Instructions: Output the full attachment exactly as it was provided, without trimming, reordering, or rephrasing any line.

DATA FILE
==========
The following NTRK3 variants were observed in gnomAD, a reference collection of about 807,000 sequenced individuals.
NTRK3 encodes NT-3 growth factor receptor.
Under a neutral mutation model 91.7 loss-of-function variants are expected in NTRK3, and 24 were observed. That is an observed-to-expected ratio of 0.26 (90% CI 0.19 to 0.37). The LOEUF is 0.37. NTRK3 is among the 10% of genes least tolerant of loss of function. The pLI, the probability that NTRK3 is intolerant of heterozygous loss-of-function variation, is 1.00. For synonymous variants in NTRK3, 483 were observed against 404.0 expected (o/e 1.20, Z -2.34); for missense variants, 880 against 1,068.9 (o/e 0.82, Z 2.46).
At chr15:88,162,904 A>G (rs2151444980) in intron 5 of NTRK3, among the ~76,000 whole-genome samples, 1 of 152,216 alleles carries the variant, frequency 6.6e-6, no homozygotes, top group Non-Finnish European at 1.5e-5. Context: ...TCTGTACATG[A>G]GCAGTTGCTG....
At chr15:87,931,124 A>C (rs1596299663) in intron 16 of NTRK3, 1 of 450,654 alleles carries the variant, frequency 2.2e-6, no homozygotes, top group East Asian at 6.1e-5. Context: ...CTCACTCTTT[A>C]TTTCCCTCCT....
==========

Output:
The following NTRK3 variants were observed in gnomAD, a reference collection of about 807,000 sequenced individuals.
NTRK3 encodes NT-3 growth factor receptor.
Under a neutral mutation model 91.7 loss-of-function variants are expected in NTRK3, and 24 were observed. That is an observed-to-expected ratio of 0.26 (90% CI 0.19 to 0.37). The LOEUF is 0.37. NTRK3 is among the 10% of genes least tolerant of loss of function. The pLI, the probability that NTRK3 is intolerant of heterozygous loss-of-function variation, is 1.00. For synonymous variants in NTRK3, 483 were observed against 404.0 expected (o/e 1.20, Z -2.34); for missense variants, 880 against 1,068.9 (o/e 0.82, Z 2.46).
At chr15:88,162,904 A>G (rs2151444980) in intron 5 of NTRK3, among the ~76,000 whole-genome samples, 1 of 152,216 alleles carries the variant, frequency 6.6e-6, no homozygotes, top group Non-Finnish European at 1.5e-5. Context: ...TCTGTACATG[A>G]GCAGTTGCTG....
At chr15:87,931,124 A>C (rs1596299663) in intron 16 of NTRK3, 1 of 450,654 alleles carries the variant, frequency 2.2e-6, no homozygotes, top group East Asian at 6.1e-5. Context: ...CTCACTCTTT[A>C]TTTCCCTCCT....